However, not feeding livestock if they need it is plain silly.  We keep bees in an artificial situation.  A swarm didn't pick your chosen location to live.  You did.  If you choose poorly they may not be able to live off local forage or at least get started and develope off what is available.  The clover is indeed a good thing but clover is a biennial and won't supply nectar or pollen until the year after it is planted.  Feral bees are indeed not medicated and almost completely died out when Varroa Destructor reached our shore.  It is called animal husbandry when you keep livestock for a reason.  Words mean things. 

Moderation in all things
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AllenF
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« Reply #2 on: March 31, 2013, 02:03:49 PM »

Welcome to the forum.
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tefer2
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« Reply #3 on: March 31, 2013, 02:41:12 PM »

Welcome to the bee forum Tiger.
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Steel Tiger
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« Reply #4 on: March 31, 2013, 02:42:16 PM »

One couldn't argue that if they need to be fed that you should feed them. My point was more towards people that harvest the honey in the fall and then that day or the next they're putting up feeders to try to replace the food that they took. My argument for those people has always been, if they think that honey and sugar is the same, then why not save themselves the work of harvesting it and just eat the sugar themselves.
 When my bees arrive, I'll be feeding them even though they'll be plenty of blossoms by then.
 Personally, I'm not going to be raising bees for the honey. Although I'm sure I'll be harvesting a frame here and there, you won't be finding a sign on the end of my driveway that says "Local Honey"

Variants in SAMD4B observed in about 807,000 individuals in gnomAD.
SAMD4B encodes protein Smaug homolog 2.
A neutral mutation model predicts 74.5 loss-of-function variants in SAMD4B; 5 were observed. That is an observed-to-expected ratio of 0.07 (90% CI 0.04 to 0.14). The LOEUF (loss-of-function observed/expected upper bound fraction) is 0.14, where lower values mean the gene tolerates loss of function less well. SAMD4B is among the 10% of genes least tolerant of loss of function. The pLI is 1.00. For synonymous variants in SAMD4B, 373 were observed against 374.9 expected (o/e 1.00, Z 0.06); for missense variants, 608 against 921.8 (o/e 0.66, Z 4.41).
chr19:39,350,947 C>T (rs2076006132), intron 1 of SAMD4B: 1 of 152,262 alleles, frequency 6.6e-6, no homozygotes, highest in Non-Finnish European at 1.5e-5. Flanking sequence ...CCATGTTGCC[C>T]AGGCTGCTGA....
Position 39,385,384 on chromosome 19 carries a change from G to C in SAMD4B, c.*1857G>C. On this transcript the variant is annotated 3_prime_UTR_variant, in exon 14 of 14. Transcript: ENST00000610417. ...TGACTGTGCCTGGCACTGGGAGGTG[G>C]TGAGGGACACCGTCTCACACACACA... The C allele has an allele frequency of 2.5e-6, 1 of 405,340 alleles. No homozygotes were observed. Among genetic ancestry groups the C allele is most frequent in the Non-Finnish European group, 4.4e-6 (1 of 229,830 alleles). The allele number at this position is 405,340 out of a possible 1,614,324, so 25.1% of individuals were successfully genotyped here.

As far as forage, my location has acres of fields with wild flowers. The mixture is enough that there is something in bloom from late winter/early spring to late fall. The reason for the clovers is to give them a bit of a boost. My field has some clover, I'm just adding a lot more too it. I'll be seeding white clover, which is a perennial, and red clover which is an annual.
 I'll be planting other things as well for different reasons, such as a row of rose-of-sharons to create a wind block.
 I'm always open to advise. I'm also can accept criticism. If someone feels I'm doing something wrong, by all means, tell me and let me know why it's wrong and how to set it right.
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rbinhood
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« Reply #5 on: March 31, 2013, 06:22:48 PM »

Welcome to the forum.
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Only God can make these two things.....Blood and Honey!
Georgia Boy
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« Reply #6 on: April 02, 2013, 09:52:06 PM »

Welcome glad you are here.

David
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"Give it All You've Got"
"Never give up. Never surrender."